Christiaan Huygens, son of the Dutch poet and composer Constantijn Huygens, was born in the Hague on April 14, 1629. I tend to say “hoygns”, but he was Dutch, which I don’t speak, so other pronunciations are probably available.
Huygens had all sorts of good ideas, mainly about maths and physics (waves, optics, probability), but also got interested in extraterrestrial life about 400 years before it became fashionable. From our perspective though, he was rather interested in astronomy. With a home-made telescope a good deal more powerful than Galileo’s, the construction of which was aided by his brother, Constantijn Jr., he was able to spot for the first time (in 1655) that the rings of Saturn were a flattened, inclined disc, separated from the planet. Galileo had spotted the rings previously, but wasn’t able to make out what they were, and was tempted towards the opinion that the planet might be in three parts.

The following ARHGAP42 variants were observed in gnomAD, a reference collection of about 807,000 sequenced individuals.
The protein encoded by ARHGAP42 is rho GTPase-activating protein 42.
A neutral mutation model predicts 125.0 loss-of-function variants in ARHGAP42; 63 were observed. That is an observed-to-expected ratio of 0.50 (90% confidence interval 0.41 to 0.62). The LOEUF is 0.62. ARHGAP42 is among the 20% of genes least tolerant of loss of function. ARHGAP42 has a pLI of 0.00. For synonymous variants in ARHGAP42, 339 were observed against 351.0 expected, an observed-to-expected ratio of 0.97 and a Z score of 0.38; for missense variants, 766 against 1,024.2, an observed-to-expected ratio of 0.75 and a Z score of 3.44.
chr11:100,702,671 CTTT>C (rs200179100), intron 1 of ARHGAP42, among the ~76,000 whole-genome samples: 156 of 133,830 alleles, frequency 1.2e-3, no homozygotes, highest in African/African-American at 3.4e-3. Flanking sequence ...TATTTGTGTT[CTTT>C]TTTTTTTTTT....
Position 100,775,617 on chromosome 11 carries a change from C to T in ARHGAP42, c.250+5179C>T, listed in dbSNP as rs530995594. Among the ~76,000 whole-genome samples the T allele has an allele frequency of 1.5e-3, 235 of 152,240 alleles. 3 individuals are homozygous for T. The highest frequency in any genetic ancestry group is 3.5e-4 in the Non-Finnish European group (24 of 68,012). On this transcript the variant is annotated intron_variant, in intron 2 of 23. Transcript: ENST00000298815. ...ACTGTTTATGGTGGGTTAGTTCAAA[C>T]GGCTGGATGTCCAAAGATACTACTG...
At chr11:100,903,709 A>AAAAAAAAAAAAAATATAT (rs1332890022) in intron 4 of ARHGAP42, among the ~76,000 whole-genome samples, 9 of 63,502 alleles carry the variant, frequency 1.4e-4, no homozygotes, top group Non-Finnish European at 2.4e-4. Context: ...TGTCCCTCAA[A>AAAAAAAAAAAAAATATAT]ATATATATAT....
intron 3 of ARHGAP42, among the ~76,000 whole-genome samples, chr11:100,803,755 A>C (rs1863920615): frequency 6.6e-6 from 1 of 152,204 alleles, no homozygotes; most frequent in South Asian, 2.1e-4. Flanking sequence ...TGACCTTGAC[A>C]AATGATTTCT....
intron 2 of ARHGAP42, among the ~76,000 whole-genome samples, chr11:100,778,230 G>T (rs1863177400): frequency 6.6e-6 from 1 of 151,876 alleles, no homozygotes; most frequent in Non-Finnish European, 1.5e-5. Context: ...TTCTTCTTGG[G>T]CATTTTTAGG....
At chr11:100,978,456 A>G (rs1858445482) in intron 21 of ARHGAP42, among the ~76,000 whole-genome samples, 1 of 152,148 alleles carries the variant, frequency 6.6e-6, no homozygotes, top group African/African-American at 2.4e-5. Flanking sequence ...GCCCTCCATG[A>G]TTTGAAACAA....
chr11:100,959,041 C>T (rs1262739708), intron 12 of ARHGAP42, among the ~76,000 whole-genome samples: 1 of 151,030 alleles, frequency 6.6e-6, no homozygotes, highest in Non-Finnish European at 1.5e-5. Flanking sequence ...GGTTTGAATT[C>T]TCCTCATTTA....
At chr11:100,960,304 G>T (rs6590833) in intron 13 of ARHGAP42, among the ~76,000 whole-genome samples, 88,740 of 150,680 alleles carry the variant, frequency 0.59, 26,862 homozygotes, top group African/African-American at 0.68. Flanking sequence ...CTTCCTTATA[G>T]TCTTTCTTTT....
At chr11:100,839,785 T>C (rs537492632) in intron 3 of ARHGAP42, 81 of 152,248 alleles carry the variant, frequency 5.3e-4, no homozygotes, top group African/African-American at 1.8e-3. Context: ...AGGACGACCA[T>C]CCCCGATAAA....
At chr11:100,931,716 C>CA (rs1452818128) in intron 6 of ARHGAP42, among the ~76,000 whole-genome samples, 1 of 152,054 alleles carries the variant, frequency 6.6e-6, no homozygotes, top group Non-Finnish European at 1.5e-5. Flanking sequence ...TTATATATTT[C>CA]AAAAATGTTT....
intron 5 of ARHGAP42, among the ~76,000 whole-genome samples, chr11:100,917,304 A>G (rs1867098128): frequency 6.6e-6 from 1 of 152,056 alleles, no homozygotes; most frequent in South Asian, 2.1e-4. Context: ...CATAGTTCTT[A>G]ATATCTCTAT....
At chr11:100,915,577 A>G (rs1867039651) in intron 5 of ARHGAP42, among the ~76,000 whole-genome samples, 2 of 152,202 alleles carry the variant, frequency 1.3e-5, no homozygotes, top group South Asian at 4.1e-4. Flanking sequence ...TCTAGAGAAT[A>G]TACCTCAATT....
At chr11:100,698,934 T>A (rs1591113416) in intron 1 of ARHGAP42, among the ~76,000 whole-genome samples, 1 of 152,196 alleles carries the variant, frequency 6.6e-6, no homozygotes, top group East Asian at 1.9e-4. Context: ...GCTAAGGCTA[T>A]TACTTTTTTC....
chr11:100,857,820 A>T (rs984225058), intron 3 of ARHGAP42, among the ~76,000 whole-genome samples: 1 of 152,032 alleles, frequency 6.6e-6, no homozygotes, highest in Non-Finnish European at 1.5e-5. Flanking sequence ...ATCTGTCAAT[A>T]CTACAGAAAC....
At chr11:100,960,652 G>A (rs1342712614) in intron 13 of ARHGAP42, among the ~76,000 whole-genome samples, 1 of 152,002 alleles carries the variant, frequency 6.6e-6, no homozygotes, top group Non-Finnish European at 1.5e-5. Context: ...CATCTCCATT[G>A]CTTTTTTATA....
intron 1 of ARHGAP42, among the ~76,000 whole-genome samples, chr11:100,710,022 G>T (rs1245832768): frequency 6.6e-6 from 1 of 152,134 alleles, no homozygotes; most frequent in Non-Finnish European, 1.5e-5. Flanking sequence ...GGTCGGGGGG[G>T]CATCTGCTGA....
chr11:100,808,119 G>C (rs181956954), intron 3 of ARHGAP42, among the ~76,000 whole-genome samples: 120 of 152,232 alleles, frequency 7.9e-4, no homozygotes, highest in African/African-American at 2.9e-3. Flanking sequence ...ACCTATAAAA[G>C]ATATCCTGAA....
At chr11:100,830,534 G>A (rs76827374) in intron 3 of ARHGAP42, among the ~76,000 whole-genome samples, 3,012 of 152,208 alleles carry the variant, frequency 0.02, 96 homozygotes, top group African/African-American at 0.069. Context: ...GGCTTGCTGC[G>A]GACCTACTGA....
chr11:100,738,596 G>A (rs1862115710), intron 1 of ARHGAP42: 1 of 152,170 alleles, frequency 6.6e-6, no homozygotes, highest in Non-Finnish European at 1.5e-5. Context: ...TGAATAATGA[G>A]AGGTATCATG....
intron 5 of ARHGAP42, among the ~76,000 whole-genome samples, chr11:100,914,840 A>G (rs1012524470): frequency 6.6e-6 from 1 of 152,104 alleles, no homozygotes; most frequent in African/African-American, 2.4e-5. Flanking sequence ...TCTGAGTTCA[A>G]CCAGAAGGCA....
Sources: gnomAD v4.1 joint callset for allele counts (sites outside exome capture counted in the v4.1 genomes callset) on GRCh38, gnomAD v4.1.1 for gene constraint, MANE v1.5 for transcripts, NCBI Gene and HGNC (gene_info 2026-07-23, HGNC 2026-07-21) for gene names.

Huygens also discovered Saturn’s largest moon, Titan, on march 25th 1655. He called it Luna Saturni (Saturn’s moon) because at the time it was the only one known.
Not content with being an astronomical genius, among his other triumphs were the invention of the pendulum clock, and the wave theory of light.